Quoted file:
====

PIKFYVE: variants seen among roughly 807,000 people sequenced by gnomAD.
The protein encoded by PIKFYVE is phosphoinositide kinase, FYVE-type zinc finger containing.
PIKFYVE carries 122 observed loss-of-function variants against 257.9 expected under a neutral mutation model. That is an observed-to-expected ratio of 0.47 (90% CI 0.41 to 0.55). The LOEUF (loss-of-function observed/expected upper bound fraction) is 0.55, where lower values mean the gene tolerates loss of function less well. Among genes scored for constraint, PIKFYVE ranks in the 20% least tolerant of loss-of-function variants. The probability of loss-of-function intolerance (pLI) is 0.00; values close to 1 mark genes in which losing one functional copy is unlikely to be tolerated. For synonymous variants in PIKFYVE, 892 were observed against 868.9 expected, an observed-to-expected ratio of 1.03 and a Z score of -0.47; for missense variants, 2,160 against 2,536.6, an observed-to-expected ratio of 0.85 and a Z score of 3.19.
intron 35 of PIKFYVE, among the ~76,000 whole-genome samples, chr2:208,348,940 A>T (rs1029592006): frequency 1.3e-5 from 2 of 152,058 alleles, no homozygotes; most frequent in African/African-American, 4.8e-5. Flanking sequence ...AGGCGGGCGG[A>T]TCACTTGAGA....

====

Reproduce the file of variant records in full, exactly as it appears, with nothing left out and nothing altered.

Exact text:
PIKFYVE: variants seen among roughly 807,000 people sequenced by gnomAD.
The protein encoded by PIKFYVE is phosphoinositide kinase, FYVE-type zinc finger containing.
PIKFYVE carries 122 observed loss-of-function variants against 257.9 expected under a neutral mutation model. That is an observed-to-expected ratio of 0.47 (90% CI 0.41 to 0.55). The LOEUF (loss-of-function observed/expected upper bound fraction) is 0.55, where lower values mean the gene tolerates loss of function less well. Among genes scored for constraint, PIKFYVE ranks in the 20% least tolerant of loss-of-function variants. The probability of loss-of-function intolerance (pLI) is 0.00; values close to 1 mark genes in which losing one functional copy is unlikely to be tolerated. For synonymous variants in PIKFYVE, 892 were observed against 868.9 expected, an observed-to-expected ratio of 1.03 and a Z score of -0.47; for missense variants, 2,160 against 2,536.6, an observed-to-expected ratio of 0.85 and a Z score of 3.19.
intron 35 of PIKFYVE, among the ~76,000 whole-genome samples, chr2:208,348,940 A>T (rs1029592006): frequency 1.3e-5 from 2 of 152,058 alleles, no homozygotes; most frequent in African/African-American, 4.8e-5. Flanking sequence ...AGGCGGGCGG[A>T]TCACTTGAGA....